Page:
Saturday, December 28, 2002

I trimmed this from my book manuscript about integrating heaven and worldview, but I thought I'd retain it here. As the scope of my faith grows, so does the scope of my doubts, but what has been a comforting realization for me over the last couple years is that it is as hard not to believe as it is to believe. I tied the essay below to this train of thought:

When GQ magazine asked celebrity Jennifer Lopez about her third marriage, which came about within months of her second, she said, “I’ve made commitments to people and done things that I thought were right at the time. I just follow my heart. You do what you need to do at the time for what you need at the time.” Listen carefully: it sounds vague and dismissive, but it’s actually a profession of faith, a declaration of a moral philosophy that integrates Lopez’s belief and behavior.

This is longer than most thought postings, so you can click here to skip to the next entry, Places&Culture.

Thought of the day: Why atheism is a faith
Human beings of at least childlike mental ability are incapable of separating their beliefs from their actions, or they will experience what psychologists call cognitive dissonance. So it’s not a question of whether you believe in something or not. It’s what you believe, and how your beliefs resonate with your life, the biblical story, and the world you see around you.

To declare that the deity does not exist, that life is purposeless and random, that religious wisdom is invalid, that Truth is a farce, and that heaven is a silly dream, is to articulate a belief system about the contours of human existence. Which is impossible without faith. The sales pitch for atheism is that it’s sensible and level-headed, but in truth it requires an emaciating tug on the imagination, and a diligence in the face of life’s withering persecution of the human will to believe.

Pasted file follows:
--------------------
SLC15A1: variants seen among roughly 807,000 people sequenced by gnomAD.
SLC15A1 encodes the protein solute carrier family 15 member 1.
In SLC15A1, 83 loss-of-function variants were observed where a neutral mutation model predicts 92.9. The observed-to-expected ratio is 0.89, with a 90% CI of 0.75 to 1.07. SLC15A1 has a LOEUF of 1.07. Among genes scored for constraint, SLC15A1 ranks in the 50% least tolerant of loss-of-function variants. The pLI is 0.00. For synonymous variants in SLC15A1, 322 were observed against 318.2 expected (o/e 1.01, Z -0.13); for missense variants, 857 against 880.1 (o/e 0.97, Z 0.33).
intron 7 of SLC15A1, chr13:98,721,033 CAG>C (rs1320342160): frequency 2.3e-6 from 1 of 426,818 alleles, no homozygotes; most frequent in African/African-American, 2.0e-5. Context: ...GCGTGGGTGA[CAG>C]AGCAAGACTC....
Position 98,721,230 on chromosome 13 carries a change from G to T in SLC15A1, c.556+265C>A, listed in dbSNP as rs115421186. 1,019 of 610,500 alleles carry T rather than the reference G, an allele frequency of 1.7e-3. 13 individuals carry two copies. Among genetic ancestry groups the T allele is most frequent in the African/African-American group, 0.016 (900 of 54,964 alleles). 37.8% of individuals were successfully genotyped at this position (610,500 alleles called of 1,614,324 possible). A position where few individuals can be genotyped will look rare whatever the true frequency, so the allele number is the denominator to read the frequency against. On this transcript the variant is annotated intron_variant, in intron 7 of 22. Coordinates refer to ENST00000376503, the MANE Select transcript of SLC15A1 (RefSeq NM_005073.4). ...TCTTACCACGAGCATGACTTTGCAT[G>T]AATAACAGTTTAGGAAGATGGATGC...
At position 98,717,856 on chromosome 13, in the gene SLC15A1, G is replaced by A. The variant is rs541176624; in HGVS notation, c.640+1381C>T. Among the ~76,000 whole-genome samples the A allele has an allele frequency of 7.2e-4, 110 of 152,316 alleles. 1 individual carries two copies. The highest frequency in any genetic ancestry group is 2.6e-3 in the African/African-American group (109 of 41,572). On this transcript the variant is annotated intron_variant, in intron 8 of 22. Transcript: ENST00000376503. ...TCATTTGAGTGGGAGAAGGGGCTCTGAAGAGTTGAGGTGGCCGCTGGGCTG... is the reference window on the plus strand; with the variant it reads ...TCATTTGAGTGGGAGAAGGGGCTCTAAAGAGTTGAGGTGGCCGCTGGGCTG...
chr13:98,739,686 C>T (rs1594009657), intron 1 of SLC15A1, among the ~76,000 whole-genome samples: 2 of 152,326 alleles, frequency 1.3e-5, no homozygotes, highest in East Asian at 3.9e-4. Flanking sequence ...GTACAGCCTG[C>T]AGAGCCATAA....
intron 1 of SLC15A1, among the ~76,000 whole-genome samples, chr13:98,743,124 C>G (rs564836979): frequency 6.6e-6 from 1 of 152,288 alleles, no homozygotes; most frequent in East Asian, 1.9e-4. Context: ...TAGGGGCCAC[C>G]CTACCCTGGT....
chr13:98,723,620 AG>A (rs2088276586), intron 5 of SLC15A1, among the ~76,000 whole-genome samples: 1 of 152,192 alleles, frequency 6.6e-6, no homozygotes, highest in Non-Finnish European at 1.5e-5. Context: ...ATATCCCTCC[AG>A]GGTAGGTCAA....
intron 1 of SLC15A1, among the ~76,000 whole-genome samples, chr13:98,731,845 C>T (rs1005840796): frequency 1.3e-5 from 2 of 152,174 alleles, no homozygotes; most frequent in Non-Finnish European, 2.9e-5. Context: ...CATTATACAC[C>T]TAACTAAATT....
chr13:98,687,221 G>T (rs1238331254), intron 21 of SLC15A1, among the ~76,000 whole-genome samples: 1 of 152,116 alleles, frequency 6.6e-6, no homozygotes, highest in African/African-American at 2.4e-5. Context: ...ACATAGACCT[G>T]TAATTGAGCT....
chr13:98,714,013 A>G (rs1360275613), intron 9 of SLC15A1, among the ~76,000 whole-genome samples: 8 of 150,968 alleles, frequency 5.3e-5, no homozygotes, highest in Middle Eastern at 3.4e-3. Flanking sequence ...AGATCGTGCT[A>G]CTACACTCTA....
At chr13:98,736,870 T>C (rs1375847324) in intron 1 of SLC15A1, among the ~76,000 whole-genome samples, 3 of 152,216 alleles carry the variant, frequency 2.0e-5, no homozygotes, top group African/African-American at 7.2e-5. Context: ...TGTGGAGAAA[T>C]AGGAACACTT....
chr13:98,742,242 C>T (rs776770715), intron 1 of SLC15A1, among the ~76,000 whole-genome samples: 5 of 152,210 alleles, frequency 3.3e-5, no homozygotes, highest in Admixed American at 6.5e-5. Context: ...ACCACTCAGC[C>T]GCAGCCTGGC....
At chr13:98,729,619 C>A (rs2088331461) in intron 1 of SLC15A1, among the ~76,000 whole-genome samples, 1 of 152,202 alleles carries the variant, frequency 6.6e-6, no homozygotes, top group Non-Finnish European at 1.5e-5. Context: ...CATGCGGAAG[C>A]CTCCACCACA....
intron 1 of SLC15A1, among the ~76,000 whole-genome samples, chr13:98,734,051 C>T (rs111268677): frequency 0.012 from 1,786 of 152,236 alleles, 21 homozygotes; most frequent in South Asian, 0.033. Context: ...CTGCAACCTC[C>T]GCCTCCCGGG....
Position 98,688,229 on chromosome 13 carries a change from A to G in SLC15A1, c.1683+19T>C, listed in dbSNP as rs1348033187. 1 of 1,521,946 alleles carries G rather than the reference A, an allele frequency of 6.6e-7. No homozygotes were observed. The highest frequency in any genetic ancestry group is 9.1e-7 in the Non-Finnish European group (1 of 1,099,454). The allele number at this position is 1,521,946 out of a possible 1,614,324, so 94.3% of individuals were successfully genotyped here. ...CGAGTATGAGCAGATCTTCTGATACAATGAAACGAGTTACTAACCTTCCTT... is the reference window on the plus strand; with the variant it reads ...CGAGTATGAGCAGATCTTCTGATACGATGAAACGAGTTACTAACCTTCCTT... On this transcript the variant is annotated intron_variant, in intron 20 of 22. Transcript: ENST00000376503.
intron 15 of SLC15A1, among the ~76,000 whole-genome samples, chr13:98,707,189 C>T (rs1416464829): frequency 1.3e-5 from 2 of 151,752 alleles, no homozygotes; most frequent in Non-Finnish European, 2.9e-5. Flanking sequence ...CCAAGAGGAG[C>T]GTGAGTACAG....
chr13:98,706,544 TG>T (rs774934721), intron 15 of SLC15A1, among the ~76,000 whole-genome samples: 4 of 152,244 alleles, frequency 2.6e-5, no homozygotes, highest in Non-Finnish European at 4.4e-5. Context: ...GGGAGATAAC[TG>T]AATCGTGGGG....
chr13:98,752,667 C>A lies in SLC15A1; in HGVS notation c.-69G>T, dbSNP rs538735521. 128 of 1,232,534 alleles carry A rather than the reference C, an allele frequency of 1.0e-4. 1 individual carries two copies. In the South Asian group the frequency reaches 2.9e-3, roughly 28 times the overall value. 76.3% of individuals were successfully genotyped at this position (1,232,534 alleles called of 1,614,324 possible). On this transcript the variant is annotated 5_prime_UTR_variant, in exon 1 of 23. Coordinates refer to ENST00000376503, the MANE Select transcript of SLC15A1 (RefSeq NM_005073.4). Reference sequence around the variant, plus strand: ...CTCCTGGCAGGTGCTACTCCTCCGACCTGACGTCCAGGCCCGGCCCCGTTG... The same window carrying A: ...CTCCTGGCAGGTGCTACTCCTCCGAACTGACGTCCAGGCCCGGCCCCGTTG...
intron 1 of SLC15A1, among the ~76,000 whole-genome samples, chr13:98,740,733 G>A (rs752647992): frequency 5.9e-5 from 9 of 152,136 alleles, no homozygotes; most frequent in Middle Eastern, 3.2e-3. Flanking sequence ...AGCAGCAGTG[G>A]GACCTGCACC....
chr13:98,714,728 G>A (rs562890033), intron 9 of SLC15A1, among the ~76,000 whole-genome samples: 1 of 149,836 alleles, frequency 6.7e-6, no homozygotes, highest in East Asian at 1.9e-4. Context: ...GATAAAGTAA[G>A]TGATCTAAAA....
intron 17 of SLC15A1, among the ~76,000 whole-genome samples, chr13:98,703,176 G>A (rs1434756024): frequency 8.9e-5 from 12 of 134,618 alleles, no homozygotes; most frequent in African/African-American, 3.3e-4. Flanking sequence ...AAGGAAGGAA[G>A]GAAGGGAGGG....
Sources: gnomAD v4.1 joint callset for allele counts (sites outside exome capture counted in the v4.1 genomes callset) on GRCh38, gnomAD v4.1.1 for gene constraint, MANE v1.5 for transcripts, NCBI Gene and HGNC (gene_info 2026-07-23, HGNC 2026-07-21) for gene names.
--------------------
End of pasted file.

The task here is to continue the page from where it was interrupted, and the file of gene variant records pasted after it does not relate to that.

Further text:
To not believe in God is as hard for a finite, meager mortal to think and declare as to believe in God. As Christians must wrestle with the vexing question of how there can be a God if there is pain and suffering in the world, so atheists must struggle with the question of how there cannot be a God with joy and pleasure in the world. There is no logical, scientific answer for why sex is enjoyable or chocolate tastes good—reproduction and sustenance could be unremarkably functional in order for life to go on.

As a Christian I would argue that the two—belief in God, belief in no God—are not equal in degree of difficulty; the latter is more difficult, since it must be done without the aid of inspiration in the face of natural wonder, the resonance of the Logos or word of God, the solidarity of a throng of believers past and present, and the stark fact that the potentially intolerable chaos of social order is at times, even often, livable and enjoyable. Take each of these segments by themselves, and they may not be all that convincing (or they may). But when taken as an inspiring whole, the sum is greater than the parts.

For me, the most inescapable view of God is that of artist and designer. Someone has to answer for the profound fact that the pageant of natural and social life plays out day to day, century to century, without imploding on itself—much less that this pageant can at times bring joy and peace. “Whoever is responsible,” writes Philip Yancey, “is a fierce and imcomparable artist beside whom all human achievement and creativity dwindle as child's play.”